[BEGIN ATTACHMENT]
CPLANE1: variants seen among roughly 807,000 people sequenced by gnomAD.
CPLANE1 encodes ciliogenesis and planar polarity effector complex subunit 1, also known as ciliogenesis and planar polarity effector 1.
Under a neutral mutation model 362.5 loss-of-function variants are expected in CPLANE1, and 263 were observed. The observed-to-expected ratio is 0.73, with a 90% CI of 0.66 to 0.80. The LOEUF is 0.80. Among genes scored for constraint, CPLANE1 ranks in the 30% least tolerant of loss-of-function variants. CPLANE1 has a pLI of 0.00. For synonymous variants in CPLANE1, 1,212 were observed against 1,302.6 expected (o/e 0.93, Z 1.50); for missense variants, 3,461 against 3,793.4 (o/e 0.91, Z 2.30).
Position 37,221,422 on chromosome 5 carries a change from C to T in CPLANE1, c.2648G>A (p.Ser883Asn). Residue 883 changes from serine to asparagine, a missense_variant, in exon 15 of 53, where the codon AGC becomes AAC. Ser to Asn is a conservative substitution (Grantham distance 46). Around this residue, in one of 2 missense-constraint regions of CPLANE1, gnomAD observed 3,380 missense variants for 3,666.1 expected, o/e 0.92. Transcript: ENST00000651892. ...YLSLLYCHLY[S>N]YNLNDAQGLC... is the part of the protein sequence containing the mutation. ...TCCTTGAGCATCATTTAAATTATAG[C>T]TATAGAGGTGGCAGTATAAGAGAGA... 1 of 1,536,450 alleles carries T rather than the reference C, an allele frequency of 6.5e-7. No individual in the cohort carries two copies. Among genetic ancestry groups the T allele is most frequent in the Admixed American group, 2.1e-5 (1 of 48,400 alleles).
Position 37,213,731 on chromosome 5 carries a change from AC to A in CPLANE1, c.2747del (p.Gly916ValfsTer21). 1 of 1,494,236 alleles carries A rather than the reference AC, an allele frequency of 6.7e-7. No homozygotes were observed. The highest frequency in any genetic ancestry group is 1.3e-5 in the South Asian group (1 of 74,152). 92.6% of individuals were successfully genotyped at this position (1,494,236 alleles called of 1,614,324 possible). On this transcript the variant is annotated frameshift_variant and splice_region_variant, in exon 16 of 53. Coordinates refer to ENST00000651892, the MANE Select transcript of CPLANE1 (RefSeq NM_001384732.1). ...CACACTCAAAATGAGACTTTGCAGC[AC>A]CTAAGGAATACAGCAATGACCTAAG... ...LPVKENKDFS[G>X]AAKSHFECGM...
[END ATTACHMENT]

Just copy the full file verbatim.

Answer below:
CPLANE1: variants seen among roughly 807,000 people sequenced by gnomAD.
CPLANE1 encodes ciliogenesis and planar polarity effector complex subunit 1, also known as ciliogenesis and planar polarity effector 1.
Under a neutral mutation model 362.5 loss-of-function variants are expected in CPLANE1, and 263 were observed. The observed-to-expected ratio is 0.73, with a 90% CI of 0.66 to 0.80. The LOEUF is 0.80. Among genes scored for constraint, CPLANE1 ranks in the 30% least tolerant of loss-of-function variants. CPLANE1 has a pLI of 0.00. For synonymous variants in CPLANE1, 1,212 were observed against 1,302.6 expected (o/e 0.93, Z 1.50); for missense variants, 3,461 against 3,793.4 (o/e 0.91, Z 2.30).
Position 37,221,422 on chromosome 5 carries a change from C to T in CPLANE1, c.2648G>A (p.Ser883Asn). Residue 883 changes from serine to asparagine, a missense_variant, in exon 15 of 53, where the codon AGC becomes AAC. Ser to Asn is a conservative substitution (Grantham distance 46). Around this residue, in one of 2 missense-constraint regions of CPLANE1, gnomAD observed 3,380 missense variants for 3,666.1 expected, o/e 0.92. Transcript: ENST00000651892. ...YLSLLYCHLY[S>N]YNLNDAQGLC... is the part of the protein sequence containing the mutation. ...TCCTTGAGCATCATTTAAATTATAG[C>T]TATAGAGGTGGCAGTATAAGAGAGA... 1 of 1,536,450 alleles carries T rather than the reference C, an allele frequency of 6.5e-7. No individual in the cohort carries two copies. Among genetic ancestry groups the T allele is most frequent in the Admixed American group, 2.1e-5 (1 of 48,400 alleles).
Position 37,213,731 on chromosome 5 carries a change from AC to A in CPLANE1, c.2747del (p.Gly916ValfsTer21). 1 of 1,494,236 alleles carries A rather than the reference AC, an allele frequency of 6.7e-7. No homozygotes were observed. The highest frequency in any genetic ancestry group is 1.3e-5 in the South Asian group (1 of 74,152). 92.6% of individuals were successfully genotyped at this position (1,494,236 alleles called of 1,614,324 possible). On this transcript the variant is annotated frameshift_variant and splice_region_variant, in exon 16 of 53. Coordinates refer to ENST00000651892, the MANE Select transcript of CPLANE1 (RefSeq NM_001384732.1). ...CACACTCAAAATGAGACTTTGCAGC[AC>A]CTAAGGAATACAGCAATGACCTAAG... ...LPVKENKDFS[G>X]AAKSHFECGM...